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Mr Fixit
05-05-2013, 12:21 AM
Hello Group,
I just read the beginners article in this months HSM magazine about micrometers and have to say as a newbie/beginner it was informative and helpful.
My question is maybe a simple one and I haven't Googled it, but I thought maybe the group could answer it here.
Do they make left handed micrometers? I have a hard time reading the barrel and thimble if I use my left hand ( the numbers are on the back) and if I use my right it just doesn't feel natural and I don't have as good control to get that proper feel of the anvil touching the work correctly.
I'm sure that I'm not the only left handed person at this hobby so anyone got any advice or comments?

Tx Mr fixit for the family

Chris :)

Cuttings
05-05-2013, 12:45 AM
Hi Mr Fixit
Check out this link <http://www.sharpfine.com/Micrometers/left-handed-micrometer.html>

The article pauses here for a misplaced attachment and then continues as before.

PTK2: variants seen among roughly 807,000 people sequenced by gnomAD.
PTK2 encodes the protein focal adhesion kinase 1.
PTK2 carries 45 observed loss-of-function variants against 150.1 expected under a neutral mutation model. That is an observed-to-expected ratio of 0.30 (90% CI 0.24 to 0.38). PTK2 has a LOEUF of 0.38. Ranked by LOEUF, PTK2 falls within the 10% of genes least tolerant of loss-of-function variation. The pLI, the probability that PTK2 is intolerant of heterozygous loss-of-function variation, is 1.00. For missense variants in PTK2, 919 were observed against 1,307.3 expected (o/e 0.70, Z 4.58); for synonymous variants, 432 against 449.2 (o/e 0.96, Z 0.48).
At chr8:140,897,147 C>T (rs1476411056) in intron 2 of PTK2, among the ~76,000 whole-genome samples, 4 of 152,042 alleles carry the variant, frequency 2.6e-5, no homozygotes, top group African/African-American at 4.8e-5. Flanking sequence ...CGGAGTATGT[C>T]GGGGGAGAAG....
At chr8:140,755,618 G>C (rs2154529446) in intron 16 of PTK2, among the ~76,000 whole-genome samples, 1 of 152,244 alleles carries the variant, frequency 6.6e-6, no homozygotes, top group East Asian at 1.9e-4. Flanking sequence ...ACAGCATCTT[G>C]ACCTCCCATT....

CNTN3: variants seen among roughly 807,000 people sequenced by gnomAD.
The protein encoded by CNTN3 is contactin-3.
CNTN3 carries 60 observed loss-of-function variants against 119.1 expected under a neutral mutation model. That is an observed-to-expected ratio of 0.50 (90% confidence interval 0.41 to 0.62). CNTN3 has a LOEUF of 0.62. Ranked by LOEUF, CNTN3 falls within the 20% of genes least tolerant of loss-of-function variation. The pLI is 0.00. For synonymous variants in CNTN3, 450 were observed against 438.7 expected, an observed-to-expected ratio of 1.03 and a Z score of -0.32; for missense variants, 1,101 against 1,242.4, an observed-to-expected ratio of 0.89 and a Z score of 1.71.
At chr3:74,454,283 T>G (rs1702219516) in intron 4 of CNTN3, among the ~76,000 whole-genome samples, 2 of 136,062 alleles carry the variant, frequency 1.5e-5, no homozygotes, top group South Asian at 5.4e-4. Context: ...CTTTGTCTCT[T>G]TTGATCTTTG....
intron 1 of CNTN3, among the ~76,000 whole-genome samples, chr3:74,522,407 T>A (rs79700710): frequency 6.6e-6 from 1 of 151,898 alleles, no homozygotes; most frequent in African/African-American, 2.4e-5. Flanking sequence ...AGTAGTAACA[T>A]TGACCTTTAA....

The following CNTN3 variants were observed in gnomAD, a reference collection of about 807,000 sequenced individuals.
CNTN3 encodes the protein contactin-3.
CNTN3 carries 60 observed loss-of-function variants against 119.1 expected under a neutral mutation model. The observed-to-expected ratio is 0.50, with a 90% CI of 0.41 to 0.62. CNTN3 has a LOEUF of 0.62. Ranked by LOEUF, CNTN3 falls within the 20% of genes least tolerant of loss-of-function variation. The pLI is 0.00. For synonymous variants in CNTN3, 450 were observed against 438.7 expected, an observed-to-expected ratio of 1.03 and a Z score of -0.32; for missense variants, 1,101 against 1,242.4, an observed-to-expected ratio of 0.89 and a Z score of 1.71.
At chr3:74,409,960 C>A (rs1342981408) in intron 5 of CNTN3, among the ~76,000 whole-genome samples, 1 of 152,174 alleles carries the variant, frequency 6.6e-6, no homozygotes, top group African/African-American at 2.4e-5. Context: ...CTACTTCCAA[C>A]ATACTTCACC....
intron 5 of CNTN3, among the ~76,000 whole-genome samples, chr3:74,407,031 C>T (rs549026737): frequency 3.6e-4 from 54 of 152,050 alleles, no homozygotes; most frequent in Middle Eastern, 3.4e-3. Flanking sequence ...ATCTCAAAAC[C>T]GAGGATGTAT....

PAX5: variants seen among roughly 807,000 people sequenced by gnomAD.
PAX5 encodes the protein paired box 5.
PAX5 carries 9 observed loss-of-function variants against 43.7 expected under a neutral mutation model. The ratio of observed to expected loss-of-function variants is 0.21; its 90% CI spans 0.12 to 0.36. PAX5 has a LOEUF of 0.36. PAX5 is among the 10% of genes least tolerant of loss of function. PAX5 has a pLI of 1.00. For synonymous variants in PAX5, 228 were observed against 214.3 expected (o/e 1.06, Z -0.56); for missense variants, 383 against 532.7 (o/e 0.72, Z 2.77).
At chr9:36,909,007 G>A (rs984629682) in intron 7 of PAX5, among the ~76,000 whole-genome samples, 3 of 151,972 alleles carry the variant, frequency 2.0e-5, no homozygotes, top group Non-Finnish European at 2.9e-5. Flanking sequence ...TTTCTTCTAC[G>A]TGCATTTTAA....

darryl
05-05-2013, 03:27 AM
Maybe too far out in the field, but one day I figured that if I had to use my right hand for something that I'd normally use my left for (I'm left handed) I'd just decide that it's time to train the right hand. It would be a matter of accepting that it could be awkward, but that it could get better with time. It feels stupid trying to write with my right hand, but I can do it- barely. I find it interesting that the brain can cross its wires and take on the adversity. I don't have enough patience to carry on trying to make my right hand do anything the left can do, but I do seem to have developed a little more dexterity in the right.